Ten Cars Americans Don't Want to Buy
The American auto industry nearly collapsed during the recession as car sales plummeted and companies struggled to stay afloat. Since then, U.S. car and light truck sales have steadily increased, reaching 1.6 million in May, up 11% from the year before.
Despite the general recovery, demand for some vehicles continues to underwhelm. According to figures from TrueCar, an auto industry information and technology platform, 15 models spent an average of at least 90 days on dealers’ lots before being sold. No car took longer to turn over than the Volvo S60, at an average of 155.5 days.
Days to turn is useful metric for gauging inventory levels, Eric Lyman, vice president of industry insights at TrueCar, explained in an interview with 24/7 Wall St. “The clock starts when the car lands at the dealership,” Lyman said. This levels the playing field, he added, because production facilities for various carmakers are located at different points across the U.S. or even in foreign countries.
According to Lyman, several factors may contribute to rising inventory levels. Some of these are temporary factors, such as the switch to a new model year. Because TrueCar data for 2014 covers cars in their 2014 model years, it makes sense that turnover rates are lower for models such as the GM’s (NYSE: GM) GMC Yukon, Chevrolet Tahoe, and Cadillac Escalade, all of which have released newly overhauled 2015 models.
In other cases, Lyman added, “high inventory is going to be [due] to a disconnect between the sales goals of the manufacturer and the retail demand for those units.” In some instances, manufacturers overestimate demand for their brands and ship too many units to their dealers. This results in high inventory and turnover levels for the brands.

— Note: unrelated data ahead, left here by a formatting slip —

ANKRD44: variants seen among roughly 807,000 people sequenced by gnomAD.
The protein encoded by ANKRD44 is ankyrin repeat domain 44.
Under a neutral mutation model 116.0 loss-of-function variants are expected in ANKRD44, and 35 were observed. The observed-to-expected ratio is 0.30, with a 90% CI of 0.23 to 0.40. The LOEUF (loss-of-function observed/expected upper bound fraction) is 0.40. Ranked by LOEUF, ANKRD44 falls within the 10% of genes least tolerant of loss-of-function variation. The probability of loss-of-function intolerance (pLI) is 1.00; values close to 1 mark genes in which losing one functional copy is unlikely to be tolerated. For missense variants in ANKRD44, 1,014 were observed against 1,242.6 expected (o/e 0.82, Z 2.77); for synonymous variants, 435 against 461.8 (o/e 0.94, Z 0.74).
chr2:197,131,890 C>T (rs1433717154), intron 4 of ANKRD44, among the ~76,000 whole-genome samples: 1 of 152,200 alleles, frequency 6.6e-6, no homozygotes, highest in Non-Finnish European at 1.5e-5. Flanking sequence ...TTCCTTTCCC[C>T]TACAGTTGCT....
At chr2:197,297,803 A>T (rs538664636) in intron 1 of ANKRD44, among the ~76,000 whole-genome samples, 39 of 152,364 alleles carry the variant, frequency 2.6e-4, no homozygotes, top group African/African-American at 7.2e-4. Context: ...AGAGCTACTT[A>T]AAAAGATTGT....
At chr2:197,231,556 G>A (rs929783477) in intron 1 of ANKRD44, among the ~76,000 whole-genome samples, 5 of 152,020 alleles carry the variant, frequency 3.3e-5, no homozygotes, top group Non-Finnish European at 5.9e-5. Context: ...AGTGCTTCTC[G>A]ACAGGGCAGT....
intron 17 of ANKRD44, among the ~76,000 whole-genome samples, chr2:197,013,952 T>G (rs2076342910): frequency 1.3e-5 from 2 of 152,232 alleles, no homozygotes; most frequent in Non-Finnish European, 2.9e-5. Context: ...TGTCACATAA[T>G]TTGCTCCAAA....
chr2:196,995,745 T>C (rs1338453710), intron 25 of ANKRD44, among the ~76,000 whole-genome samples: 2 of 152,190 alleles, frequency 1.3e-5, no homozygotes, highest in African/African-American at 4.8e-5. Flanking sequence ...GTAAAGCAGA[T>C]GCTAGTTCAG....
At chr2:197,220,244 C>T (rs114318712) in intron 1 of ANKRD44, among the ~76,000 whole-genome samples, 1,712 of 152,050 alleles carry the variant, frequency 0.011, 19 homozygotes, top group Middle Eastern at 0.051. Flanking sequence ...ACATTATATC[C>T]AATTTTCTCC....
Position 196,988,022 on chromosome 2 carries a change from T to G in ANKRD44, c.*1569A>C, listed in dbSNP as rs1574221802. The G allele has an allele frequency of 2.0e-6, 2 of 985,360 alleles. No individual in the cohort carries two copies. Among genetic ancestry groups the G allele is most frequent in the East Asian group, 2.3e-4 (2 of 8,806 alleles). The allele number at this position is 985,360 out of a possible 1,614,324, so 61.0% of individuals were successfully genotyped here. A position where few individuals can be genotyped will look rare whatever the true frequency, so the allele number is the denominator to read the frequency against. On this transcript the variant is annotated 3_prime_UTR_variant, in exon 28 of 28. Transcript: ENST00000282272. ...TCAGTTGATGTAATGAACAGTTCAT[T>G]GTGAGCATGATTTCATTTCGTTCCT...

Many of the brands that take the longest to sell are unpopular with customers, Lyman explained. Both Mitsubishi and Scion have car models that take the most days to turn. Both were also two of the nation’s lowest rated car brands, according to J.D. Power’s 2013 Automotive Performance, Execution and Layout Study, which measures brands’ appeal with car buyers.
Cars from Cadillac, Ford’s (NYSE: F) Lincoln, Jaguar and Volvo, all of which ranked in the bottom half of premium brands, according to the study, also made the list. Only one of the cars with the highest days to turn, the Chevrolet Tahoe, was manufactured by one of the survey’s 10 highest rated non-premium brands.
Although there are differences in how brands are perceived, Lyman added that disparities in actual quality among various brands is often relatively small. Five of the 10 cars requiring the most days to sell were made by brands with above-average scores on J.D. Power’s 2013 Initial Quality Study. Leading these brands was GMC, maker of the Yukon, which trailed only Porsche for fewest problems per 100 cars, according to the Survey. Only three models belonged to brands with scores considerably below the industry average, although one of these, Scion, was the lowest-rated brand in J.D. Power’s survey.
Based on figures provided by TrueCar, 24/7 Wall St. reviewed the car models with the highest number of days to turn. TrueCar turnover and sales data for each model reference a particular model year — figures for 2013 apply to cars in their 2013 model year, while figures for 2014 count data for 2014 model year vehicles. TrueCar also provided sales data for each of these models. Manufacturer’s suggested retail price (MSRP) data are from manufacturer’s website, and refer to the newest model year. We also relied on information from J.D. Power and Consumer Reports surveys, and the American Customer Satisfaction Index (ACSI). Safety data are from the National Highway Traffic Safety Administration (NHTSA) and the Insurance Institute for Highway Safety (IIHS). Sales figures are from The Wall Street Journal, as well as various company press releases.
These are the 10 cars Americans don’t want to buy.